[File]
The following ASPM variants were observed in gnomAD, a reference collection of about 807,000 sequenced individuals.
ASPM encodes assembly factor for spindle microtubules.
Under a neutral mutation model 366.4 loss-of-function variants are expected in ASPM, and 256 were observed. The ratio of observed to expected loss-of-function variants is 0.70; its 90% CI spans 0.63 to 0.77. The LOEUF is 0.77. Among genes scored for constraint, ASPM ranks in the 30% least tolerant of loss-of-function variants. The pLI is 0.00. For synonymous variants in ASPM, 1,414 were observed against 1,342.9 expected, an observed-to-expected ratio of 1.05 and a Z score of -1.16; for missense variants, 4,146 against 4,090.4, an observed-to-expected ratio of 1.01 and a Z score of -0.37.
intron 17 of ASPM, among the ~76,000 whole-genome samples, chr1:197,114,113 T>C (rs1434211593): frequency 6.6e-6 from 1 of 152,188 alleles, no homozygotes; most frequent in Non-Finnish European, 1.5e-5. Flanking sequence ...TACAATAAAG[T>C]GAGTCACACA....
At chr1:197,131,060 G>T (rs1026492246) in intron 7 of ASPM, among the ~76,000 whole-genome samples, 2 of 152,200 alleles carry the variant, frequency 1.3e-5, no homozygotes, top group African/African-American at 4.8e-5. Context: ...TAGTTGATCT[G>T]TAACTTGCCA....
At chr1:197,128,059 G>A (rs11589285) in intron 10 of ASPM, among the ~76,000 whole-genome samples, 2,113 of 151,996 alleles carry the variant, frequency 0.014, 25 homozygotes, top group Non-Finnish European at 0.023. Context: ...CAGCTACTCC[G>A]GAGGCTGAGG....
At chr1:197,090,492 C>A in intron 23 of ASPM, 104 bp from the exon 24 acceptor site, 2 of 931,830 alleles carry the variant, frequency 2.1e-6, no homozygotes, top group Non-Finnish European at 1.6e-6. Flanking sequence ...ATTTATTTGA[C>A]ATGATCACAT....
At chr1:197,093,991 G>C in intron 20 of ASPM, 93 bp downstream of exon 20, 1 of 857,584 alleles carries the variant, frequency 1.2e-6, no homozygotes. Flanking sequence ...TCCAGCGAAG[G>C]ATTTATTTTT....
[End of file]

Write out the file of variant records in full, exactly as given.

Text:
The following ASPM variants were observed in gnomAD, a reference collection of about 807,000 sequenced individuals.
ASPM encodes assembly factor for spindle microtubules.
Under a neutral mutation model 366.4 loss-of-function variants are expected in ASPM, and 256 were observed. The ratio of observed to expected loss-of-function variants is 0.70; its 90% CI spans 0.63 to 0.77. The LOEUF is 0.77. Among genes scored for constraint, ASPM ranks in the 30% least tolerant of loss-of-function variants. The pLI is 0.00. For synonymous variants in ASPM, 1,414 were observed against 1,342.9 expected, an observed-to-expected ratio of 1.05 and a Z score of -1.16; for missense variants, 4,146 against 4,090.4, an observed-to-expected ratio of 1.01 and a Z score of -0.37.
intron 17 of ASPM, among the ~76,000 whole-genome samples, chr1:197,114,113 T>C (rs1434211593): frequency 6.6e-6 from 1 of 152,188 alleles, no homozygotes; most frequent in Non-Finnish European, 1.5e-5. Flanking sequence ...TACAATAAAG[T>C]GAGTCACACA....
At chr1:197,131,060 G>T (rs1026492246) in intron 7 of ASPM, among the ~76,000 whole-genome samples, 2 of 152,200 alleles carry the variant, frequency 1.3e-5, no homozygotes, top group African/African-American at 4.8e-5. Context: ...TAGTTGATCT[G>T]TAACTTGCCA....
At chr1:197,128,059 G>A (rs11589285) in intron 10 of ASPM, among the ~76,000 whole-genome samples, 2,113 of 151,996 alleles carry the variant, frequency 0.014, 25 homozygotes, top group Non-Finnish European at 0.023. Context: ...CAGCTACTCC[G>A]GAGGCTGAGG....
At chr1:197,090,492 C>A in intron 23 of ASPM, 104 bp from the exon 24 acceptor site, 2 of 931,830 alleles carry the variant, frequency 2.1e-6, no homozygotes, top group Non-Finnish European at 1.6e-6. Flanking sequence ...ATTTATTTGA[C>A]ATGATCACAT....
At chr1:197,093,991 G>C in intron 20 of ASPM, 93 bp downstream of exon 20, 1 of 857,584 alleles carries the variant, frequency 1.2e-6, no homozygotes. Flanking sequence ...TCCAGCGAAG[G>C]ATTTATTTTT....